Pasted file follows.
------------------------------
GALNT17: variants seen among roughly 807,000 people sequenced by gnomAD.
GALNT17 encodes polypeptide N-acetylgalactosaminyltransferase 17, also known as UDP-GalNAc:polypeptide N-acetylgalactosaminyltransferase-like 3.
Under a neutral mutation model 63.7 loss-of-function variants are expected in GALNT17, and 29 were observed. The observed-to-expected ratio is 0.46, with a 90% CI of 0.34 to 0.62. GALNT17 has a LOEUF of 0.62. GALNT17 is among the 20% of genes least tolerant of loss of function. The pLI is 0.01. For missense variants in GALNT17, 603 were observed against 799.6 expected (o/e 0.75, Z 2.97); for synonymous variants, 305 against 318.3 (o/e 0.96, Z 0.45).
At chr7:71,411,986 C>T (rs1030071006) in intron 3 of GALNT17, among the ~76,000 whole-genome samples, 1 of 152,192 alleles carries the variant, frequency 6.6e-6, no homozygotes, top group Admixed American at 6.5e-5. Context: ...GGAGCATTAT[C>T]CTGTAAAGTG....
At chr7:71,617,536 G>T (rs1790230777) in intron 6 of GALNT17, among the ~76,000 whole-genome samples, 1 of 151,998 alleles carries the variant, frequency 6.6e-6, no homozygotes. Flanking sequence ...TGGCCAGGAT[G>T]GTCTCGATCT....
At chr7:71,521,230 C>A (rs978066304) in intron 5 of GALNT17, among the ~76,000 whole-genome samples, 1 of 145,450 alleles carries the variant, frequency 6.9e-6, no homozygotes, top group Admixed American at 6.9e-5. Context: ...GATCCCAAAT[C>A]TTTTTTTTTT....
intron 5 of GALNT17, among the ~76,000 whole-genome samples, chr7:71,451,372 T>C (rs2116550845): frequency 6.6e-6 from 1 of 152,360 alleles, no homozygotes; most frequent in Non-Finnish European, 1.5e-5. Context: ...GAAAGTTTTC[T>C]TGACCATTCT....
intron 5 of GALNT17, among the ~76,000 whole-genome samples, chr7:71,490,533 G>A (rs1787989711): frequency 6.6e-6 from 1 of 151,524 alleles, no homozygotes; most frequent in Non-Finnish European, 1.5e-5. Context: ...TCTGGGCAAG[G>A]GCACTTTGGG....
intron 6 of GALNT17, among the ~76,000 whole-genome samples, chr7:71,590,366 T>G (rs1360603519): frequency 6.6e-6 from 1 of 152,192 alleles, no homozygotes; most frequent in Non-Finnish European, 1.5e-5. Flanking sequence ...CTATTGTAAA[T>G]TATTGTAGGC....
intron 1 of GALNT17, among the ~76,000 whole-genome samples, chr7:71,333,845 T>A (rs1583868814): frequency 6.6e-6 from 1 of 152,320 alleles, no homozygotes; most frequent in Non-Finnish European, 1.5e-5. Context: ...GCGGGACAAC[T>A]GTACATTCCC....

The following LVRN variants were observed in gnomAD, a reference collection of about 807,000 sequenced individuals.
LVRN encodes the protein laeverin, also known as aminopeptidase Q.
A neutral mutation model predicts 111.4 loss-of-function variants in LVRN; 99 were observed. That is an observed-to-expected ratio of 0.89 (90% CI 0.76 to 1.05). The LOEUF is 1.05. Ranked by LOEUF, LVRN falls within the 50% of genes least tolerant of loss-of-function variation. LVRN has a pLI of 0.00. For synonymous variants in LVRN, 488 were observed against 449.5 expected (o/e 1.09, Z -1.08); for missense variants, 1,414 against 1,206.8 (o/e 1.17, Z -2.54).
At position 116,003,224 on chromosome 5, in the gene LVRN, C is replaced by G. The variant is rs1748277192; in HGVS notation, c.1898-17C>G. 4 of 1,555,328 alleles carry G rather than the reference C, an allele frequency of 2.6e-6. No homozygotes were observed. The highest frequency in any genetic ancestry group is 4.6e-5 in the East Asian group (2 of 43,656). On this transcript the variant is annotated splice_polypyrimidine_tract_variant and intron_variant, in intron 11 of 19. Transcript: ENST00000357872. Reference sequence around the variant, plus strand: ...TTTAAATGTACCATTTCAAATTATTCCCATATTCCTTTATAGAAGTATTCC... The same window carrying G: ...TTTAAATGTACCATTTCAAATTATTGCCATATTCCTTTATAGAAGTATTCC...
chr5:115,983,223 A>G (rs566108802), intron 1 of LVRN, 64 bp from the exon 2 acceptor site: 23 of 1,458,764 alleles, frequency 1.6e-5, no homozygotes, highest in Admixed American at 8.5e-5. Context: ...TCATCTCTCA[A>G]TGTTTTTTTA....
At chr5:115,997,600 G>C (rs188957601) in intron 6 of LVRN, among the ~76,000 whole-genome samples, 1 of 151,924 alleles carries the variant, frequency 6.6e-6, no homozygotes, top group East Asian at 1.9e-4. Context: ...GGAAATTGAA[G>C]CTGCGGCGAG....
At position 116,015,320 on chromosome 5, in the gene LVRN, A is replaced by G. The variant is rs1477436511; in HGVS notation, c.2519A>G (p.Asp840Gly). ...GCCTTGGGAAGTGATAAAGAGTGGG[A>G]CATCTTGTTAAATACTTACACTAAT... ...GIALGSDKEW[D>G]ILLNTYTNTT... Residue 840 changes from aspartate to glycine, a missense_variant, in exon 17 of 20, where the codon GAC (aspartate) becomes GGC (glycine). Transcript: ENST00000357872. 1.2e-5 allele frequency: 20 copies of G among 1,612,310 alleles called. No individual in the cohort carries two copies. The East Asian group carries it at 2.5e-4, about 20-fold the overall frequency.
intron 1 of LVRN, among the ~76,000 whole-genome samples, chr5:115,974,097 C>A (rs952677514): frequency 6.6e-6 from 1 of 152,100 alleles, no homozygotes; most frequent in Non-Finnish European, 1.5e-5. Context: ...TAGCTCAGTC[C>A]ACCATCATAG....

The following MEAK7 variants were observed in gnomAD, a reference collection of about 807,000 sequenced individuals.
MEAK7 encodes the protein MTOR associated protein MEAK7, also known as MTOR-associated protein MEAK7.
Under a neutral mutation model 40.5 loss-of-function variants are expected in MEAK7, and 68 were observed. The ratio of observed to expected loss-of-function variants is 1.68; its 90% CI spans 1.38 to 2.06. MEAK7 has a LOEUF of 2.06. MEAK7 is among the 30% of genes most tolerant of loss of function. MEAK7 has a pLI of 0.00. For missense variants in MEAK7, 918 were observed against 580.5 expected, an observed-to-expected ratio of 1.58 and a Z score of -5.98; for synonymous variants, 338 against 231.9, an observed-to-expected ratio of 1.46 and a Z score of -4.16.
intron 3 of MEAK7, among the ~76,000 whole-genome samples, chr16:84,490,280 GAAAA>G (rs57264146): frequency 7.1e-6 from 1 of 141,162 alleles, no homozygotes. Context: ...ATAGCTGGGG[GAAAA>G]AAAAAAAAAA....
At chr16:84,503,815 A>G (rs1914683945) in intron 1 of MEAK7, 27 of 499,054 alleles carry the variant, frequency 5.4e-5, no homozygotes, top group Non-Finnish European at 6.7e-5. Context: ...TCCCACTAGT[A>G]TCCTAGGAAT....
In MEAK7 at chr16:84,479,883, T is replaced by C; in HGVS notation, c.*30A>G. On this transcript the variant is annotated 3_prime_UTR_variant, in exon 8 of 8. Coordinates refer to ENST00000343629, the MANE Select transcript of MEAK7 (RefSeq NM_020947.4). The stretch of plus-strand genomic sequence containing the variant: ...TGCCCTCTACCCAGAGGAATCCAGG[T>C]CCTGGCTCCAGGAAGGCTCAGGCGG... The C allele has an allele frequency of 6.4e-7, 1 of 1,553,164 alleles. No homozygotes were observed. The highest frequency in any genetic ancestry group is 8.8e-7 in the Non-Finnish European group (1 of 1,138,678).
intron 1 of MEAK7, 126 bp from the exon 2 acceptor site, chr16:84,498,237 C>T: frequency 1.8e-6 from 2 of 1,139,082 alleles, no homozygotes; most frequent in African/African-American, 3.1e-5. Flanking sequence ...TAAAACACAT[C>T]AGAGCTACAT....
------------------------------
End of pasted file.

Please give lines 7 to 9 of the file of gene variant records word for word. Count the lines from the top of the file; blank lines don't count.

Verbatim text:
intron 5 of GALNT17, among the ~76,000 whole-genome samples, chr7:71,451,372 T>C (rs2116550845): frequency 6.6e-6 from 1 of 152,360 alleles, no homozygotes; most frequent in Non-Finnish European, 1.5e-5. Context: ...GAAAGTTTTC[T>C]TGACCATTCT....
intron 5 of GALNT17, among the ~76,000 whole-genome samples, chr7:71,490,533 G>A (rs1787989711): frequency 6.6e-6 from 1 of 151,524 alleles, no homozygotes; most frequent in Non-Finnish European, 1.5e-5. Context: ...TCTGGGCAAG[G>A]GCACTTTGGG....
intron 6 of GALNT17, among the ~76,000 whole-genome samples, chr7:71,590,366 T>G (rs1360603519): frequency 6.6e-6 from 1 of 152,192 alleles, no homozygotes; most frequent in Non-Finnish European, 1.5e-5. Flanking sequence ...CTATTGTAAA[T>G]TATTGTAGGC....